There seems to be no end lately to the number of weepy newspaper and magazine pieces dissecting the supposed ills of baseball.
You want to fix baseball? With all due respect for the baseball-as-a-metaphor-for-life eggheads and the Poets of the Press Box, here are a few suggestions:
* Let's tighten up spring training. It's too damn long. Six weeks was fine when ballplayers were named Ruth and Gehrig and spent the off-season slumped over bar stools and camped at buffet tables and ballooning to the size of the Hindenburg. Today's Nautilus-whipped, cardiovascularly correct players need three weeks, tops, to get ready.
And this would spare the fans back home all those dreary training camp interviews, during which a player routinely declares:
a. I'm in the best shape of my life.
b. Last year's .215 batting average was a fluke.
c. The cocaine possession charges are behind me now.
* Repeat after me: Team stability equals fan loyalty. Players go through teams these days the way the rest of us go through underwear. You can't watch the 11 o'clock sports during the off-season without seeing a clip of some teary-eyed slugger at a news conference, holding up a jersey and proclaiming: "It's been my lifelong dream to play for the Atlanta Braves."
Yeah, right. And I bet for another $3.2 million a year, it'd be your lifelong dream to play for the Taiyo Whales in Japan.
When ex-Oriole and current Ranger Billy Ripken introduced himself to teammate Jose Canseco in spring training, the Texas right fielder replied: "What are you doing here?"
Granted, Canseco might not strike you as Mr. Current Events. Or he might simply have stepped in the way of a few too many lamps hurled by Fatal Attractionesque ex-wife Esther. Still, if the players don't even know who's on their teams, imagine how confusing it is to the fans.
* Lower the prices. I read somewhere that it costs over $100 for a family of four to attend a game, counting tickets, parking, $6 beers for mom and dad, $27 batting helmets for the kids, etc. Memo to Joe Sixpack: might be time to pull out the floor plans for that bank job.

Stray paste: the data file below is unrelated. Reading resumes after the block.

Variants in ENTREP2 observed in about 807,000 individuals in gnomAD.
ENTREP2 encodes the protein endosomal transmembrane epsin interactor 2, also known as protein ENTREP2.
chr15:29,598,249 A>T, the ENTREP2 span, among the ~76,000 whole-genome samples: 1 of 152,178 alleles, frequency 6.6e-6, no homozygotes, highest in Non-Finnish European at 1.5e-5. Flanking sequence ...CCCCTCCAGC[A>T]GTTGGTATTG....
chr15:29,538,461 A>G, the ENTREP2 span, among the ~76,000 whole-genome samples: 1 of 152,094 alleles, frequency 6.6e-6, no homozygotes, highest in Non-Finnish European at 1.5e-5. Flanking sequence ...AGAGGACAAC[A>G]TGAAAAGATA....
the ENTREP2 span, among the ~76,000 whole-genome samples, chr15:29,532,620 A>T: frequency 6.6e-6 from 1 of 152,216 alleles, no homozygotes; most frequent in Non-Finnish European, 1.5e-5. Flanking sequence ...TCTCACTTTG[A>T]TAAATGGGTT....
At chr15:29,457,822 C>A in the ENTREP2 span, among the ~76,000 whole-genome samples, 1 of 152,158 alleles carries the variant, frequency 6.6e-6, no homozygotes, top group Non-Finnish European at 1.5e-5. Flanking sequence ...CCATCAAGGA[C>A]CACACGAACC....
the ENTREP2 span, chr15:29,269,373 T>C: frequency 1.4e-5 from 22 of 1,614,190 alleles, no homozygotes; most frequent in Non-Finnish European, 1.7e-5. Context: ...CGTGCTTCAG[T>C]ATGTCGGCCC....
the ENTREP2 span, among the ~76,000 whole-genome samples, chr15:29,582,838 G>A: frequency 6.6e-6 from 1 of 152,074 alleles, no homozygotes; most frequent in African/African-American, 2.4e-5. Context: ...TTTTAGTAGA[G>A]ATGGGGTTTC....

If prices keep escalating, ballparks will be filled with nothing but somber, corporate guys in $1,200 Armani suits who keep nudging each other in their luxury skyboxes and saying: "Which one's Cal Ripken again?"
* Speaking of luxury skyboxes, I watched a game from one at Camden Yards last year. It had wall-to-wall carpeting, two TVs, a VCR, a refrigerator and a fully stocked wet bar. Of course, it was a little hard to concentrate with everyone tapping me on the shoulder and saying: "Waiter, we need more shrimp . . ."
* Get rid of the mascots. This is a true story: I'm at the stadium last week, Orioles against the Angels. O's have a runner on second. There's a drive to left, here comes the runner around third, here's the play at the plate and he's . . . well, I don't know what he is.
Because some second-year drama student from Towson State or wherever is prancing around in an Oriole Bird costume and blocking my view! I wanted to pull his furry head off and throw it over the railing.
And don't tell me you can't get rid of these dopey mascots like the Bird or the Philly Phanatic because the kids love them. Buy the little dears some $4 cotton candy, you won't hear another word about the stupid Bird.
* Pick up the pace. The problem isn't that the games are too long. The problem is there's too much dead time. Too many conferences at the mound. Too many pitching changes. Too much gold-chain adjusting, wristband re-configuring and genital-realignment by the batters. Too much sweat-wiping, resin bag-clutching and Zen-like focusing by the pitchers.
Too many commercials between innings. Somebody do something.
* Here's one a lot of people won't like: Stop serving alcohol at the ballpark. Yeah, including beer.
Look, I like a cold beer at the ballgame as much as the next !! person. But for too many people, the game has become a nine-inning Happy Hour, minus the Buffalo wings. Friday nights at the ballpark might as well be Dysfunctional Night, with each fan receiving a coupon good for half off his or her next stay in detox.
If you still hold to the quaint notion, as I do, that baseball should be fun for the whole family, then the idea of hundreds of buzzed-out young people doing a glassy-eyed, Night-of-the-Living-Dead shuffle through the stands is unsettling.
Especially when they tap me on the shoulder and ask: "Which one's Cal Ripken again?"